by: Jeremy Douglass http://writerresponsetheory.org/wordpress/2006/03/29/computers-in-the-composition-classroom-great-debate/#comment-5665 Wed, 05 Apr 2006 09:41:09 +0000 http://writerresponsetheory.org/wordpress/2006/03/29/computers-in-the-composition-classroom-great-debate/#comment-5665 I wonder whether the issue, as comprehensively framed here, isn't a bit too big to argue a for or against position on, and thus it is hard to find entry into it as a "debate." The computer - as Turing machine, executor, operation, algorithm, etc. - can easily help, hurt, or leave untouched the acquisition of composition skills, based on its configuration. Your more limited claim, that computers do little to aid sentence level editing and voice development, seems reasonable - but overstated. I believe there is some good data that running spelling and grammar checkers "inline" (immediate visual feedback, no auto-correction) can affect not just on the final product but on future behavior. I'd also make a counterclaim for the importance of computers, not to improve composition general, but to be understood as part of the composition act for most students. While some rhetorical skills learnned in composition are context-free, many are surprisingly context-embedded. Thus, if you teach the mental composition of oral arguments in a Socratic classroom, or require typewriter manuscripts, or allow the use of any word processor or text editor, you get a very different basic model of what the act of "composition" means. I feel that I am a fairly solid writer, however I fear that a keystroke logger would reveal me to be pretty poor at being a linear typist. Can you teach composition without computers and expect your students to easily understand composition on computers? In some ways, absolutely, in others, certainly not. I've tutored "first computer" users before, both age ~13 and age ~60, and it boggles the mind watching someone hold down the "delete" key for a whole sentence so that they can change a letter, then retype the sentence. This is all mechanics - but mechanics have profound implications for the development of voice and argument structure. Deprecated: preg_replace(): The /e modifier is deprecated, use preg_replace_callback instead in /home/writerresponse/writerresponsetheory.org/wordpress/wp-includes/functions-formatting.php on line 76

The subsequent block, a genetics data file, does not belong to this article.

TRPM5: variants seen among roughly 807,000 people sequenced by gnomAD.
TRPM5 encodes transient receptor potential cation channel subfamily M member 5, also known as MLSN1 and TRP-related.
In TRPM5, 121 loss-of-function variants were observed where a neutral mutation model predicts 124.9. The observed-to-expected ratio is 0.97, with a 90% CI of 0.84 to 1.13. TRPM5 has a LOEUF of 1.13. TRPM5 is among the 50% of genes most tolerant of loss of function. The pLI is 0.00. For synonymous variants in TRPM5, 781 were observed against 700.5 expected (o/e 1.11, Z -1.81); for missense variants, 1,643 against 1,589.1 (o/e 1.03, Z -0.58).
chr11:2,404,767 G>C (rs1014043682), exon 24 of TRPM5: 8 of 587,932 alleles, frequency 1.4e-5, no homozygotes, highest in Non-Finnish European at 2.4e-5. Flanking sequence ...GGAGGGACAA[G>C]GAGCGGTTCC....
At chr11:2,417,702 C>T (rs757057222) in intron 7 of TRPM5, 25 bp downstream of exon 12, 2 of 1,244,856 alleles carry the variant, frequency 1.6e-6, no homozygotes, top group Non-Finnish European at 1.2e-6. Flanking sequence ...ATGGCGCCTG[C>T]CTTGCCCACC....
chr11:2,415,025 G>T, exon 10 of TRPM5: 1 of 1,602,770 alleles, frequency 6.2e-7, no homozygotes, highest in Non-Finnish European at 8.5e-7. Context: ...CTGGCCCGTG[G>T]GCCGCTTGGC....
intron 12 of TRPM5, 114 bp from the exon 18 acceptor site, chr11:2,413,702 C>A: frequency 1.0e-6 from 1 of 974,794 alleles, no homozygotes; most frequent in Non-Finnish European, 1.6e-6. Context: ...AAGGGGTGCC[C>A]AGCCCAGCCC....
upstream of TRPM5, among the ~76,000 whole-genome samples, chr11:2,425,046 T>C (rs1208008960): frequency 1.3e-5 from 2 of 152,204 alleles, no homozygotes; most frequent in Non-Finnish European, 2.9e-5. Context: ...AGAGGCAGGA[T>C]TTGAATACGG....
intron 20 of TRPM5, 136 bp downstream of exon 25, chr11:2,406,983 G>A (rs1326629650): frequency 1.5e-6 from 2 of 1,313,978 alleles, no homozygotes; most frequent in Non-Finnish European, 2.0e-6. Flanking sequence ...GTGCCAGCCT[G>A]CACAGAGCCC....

I wonder whether the issue, as comprehensively framed here, isn’t a bit too big to argue a for or against position on, and thus it is hard to find entry into it as a “debate.” The computer - as Turing machine, executor, operation, algorithm, etc. - can easily help, hurt, or leave untouched the acquisition of composition skills, based on its configuration.

Your more limited claim, that computers do little to aid sentence level editing and voice development, seems reasonable - but overstated. I believe there is some good data that running spelling and grammar checkers “inline” (immediate visual feedback, no auto-correction) can affect not just on the final product but on future behavior.

I’d also make a counterclaim for the importance of computers, not to improve composition general, but to be understood as part of the composition act for most students. While some rhetorical skills learnned in composition are context-free, many are surprisingly context-embedded. Thus, if you teach the mental composition of oral arguments in a Socratic classroom, or require typewriter manuscripts, or allow the use of any word processor or text editor, you get a very different basic model of what the act of “composition” means. I feel that I am a fairly solid writer, however I fear that a keystroke logger would reveal me to be pretty poor at being a linear typist.

Can you teach composition without computers and expect your students to easily understand composition on computers? In some ways, absolutely, in others, certainly not. I’ve tutored “first computer” users before, both age ~13 and age ~60, and it boggles the mind watching someone hold down the “delete” key for a whole sentence so that they can change a letter, then retype the sentence. This is all mechanics - but mechanics have profound implications for the development of voice and argument structure.

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Jeremy Douglass I wonder whether the issue, as comprehensively framed here, isn't a bit too big to argue a for or against ... I wonder whether the issue, as comprehensively framed here, isn't a bit too big to argue a for or against ...